Contacting Your Loan Servicer
Before you have any conversation with your loan servicer, prepare. Record your income and expenses, and calculate the equity in your home. To calculate the equity, estimate the market value less the balance of your first and any second mortgage or home equity loan. Then, write down the answers to the following questions:
- What happened to make you miss your mortgage payment(s)? Do you have any documents to back up your explanation for falling behind? How have you tried to resolve the problem?
- Is your problem temporary, long-term, or permanent? What changes in your situation do you see in the short term, and in the long term? What other financial issues may be stopping you from getting back on track with your mortgage?
- What would you like to see happen? Do you want to keep the home? What type of payment arrangement would be feasible for you?
- Keep notes of all your communications with the servicer, including date and time of contact, the nature of the contact (face-to-face, by phone, email, fax or postal mail), the name of the representative, and the outcome.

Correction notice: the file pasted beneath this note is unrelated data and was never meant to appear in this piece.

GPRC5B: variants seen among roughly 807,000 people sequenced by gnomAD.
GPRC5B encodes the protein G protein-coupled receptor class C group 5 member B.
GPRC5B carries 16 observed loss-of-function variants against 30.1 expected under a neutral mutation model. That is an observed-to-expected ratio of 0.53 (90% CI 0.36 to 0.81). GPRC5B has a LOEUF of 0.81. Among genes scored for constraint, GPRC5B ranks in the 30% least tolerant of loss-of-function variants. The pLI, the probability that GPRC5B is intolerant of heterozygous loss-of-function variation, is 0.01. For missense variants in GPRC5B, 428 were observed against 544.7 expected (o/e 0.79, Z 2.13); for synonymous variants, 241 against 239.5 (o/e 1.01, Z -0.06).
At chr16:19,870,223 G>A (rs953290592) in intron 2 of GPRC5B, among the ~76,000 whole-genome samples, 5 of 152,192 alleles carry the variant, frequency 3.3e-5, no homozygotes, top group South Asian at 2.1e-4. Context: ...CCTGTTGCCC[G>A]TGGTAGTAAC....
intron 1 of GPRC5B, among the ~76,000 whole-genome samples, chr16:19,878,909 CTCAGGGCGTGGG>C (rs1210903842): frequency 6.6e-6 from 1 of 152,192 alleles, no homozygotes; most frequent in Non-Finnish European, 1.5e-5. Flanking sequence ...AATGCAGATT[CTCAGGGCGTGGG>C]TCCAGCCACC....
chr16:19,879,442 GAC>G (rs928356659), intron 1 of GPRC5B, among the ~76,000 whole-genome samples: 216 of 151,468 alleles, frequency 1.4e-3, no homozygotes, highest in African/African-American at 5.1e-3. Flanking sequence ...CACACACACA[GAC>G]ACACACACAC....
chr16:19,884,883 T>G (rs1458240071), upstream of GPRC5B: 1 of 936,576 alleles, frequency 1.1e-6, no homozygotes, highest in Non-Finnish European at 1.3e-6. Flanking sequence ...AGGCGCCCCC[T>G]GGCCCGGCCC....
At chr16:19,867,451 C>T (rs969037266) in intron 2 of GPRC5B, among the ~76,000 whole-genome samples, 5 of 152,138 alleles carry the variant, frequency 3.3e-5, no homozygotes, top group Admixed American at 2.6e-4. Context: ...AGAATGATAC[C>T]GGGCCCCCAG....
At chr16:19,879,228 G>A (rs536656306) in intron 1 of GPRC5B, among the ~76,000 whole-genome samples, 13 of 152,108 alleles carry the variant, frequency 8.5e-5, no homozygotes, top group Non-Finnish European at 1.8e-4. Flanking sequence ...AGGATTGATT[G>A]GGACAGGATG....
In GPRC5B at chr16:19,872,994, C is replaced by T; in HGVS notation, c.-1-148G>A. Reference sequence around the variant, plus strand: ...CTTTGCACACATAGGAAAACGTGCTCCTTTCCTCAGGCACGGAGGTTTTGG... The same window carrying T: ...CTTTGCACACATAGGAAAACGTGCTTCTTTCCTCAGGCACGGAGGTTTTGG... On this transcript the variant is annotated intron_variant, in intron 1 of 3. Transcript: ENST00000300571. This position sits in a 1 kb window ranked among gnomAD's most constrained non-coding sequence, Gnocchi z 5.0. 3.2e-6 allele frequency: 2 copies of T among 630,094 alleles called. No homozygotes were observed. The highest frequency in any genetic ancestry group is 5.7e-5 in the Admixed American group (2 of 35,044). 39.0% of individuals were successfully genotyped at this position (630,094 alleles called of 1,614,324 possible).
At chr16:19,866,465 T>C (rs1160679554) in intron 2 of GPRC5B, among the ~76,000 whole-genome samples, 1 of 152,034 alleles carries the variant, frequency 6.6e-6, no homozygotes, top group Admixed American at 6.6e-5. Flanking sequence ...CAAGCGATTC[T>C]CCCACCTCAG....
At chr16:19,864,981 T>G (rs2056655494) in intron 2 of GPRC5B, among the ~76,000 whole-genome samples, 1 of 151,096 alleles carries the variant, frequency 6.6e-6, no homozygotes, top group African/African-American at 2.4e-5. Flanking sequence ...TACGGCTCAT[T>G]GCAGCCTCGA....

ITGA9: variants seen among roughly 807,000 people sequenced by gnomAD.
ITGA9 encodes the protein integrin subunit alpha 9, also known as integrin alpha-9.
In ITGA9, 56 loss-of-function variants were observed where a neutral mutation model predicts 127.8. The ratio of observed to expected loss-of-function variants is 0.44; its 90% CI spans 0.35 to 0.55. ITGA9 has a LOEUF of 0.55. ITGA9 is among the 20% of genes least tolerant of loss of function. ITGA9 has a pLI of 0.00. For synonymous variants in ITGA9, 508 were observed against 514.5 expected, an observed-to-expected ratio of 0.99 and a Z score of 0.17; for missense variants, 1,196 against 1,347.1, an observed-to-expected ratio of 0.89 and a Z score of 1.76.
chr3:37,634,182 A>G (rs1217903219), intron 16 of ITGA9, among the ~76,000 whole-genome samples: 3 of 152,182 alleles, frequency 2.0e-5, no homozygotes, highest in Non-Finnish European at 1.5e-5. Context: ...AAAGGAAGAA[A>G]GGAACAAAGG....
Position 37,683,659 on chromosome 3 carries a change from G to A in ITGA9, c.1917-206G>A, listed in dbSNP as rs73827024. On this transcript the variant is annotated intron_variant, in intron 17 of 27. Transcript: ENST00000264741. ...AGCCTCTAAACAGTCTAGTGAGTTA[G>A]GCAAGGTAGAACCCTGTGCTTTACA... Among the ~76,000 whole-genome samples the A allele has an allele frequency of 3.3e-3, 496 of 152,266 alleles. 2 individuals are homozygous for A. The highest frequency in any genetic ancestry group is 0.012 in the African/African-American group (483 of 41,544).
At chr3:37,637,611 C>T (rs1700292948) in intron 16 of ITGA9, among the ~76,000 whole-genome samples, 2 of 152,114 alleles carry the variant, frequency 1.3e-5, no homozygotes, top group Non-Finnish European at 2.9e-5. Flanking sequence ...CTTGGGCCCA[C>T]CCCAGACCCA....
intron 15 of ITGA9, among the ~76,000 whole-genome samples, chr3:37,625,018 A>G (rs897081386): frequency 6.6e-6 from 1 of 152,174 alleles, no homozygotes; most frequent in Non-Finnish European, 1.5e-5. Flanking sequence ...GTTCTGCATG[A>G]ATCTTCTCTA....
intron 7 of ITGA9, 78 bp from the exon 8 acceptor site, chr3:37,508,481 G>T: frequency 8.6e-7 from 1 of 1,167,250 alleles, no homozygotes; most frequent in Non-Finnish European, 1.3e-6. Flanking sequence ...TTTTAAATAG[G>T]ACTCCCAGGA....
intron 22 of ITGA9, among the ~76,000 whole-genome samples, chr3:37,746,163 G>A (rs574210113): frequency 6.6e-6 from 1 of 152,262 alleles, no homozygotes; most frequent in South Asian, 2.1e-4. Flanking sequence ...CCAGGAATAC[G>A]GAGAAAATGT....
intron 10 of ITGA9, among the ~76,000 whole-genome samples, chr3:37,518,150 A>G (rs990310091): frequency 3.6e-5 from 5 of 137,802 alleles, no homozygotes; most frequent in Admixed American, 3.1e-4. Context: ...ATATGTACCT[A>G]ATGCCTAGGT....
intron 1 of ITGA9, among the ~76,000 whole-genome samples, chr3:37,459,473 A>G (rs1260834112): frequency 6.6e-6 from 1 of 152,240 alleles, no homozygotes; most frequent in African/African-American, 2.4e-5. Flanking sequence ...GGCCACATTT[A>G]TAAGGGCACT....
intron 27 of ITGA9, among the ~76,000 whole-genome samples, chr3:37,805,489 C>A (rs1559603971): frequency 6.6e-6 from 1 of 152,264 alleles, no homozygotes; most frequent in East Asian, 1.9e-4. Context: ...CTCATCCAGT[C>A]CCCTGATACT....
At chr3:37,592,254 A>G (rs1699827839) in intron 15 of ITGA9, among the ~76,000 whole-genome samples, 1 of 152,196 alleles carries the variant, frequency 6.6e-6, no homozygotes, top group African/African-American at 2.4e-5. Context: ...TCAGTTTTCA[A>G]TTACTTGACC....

- Follow up any oral requests you make with a letter to the servicer. Send your letter by certified mail, "return receipt requested," so you can document what the servicer received. Keep copies of your letter and any enclosures.
- Meet all deadlines the servicer gives you.
- Stay in your home during the process, since you may not qualify for certain types of assistance if you move out. Renting your home will change it from a primary residence to an investment property. Most likely, it will disqualify you for any additional "workout" assistance from the servicer. If you choose this route, be sure the rental income is enough to help you get and keep your loan current.
You Don’t Have To Solve This on Your Own – Get a Lawyer’s Help
Meeting with a lawyer can help you understand your options and how to best protect your rights. Visit our attorney directory to find a lawyer near you who can help.
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Contact a qualified real estate attorney to help you avoid or navigate the foreclosure process.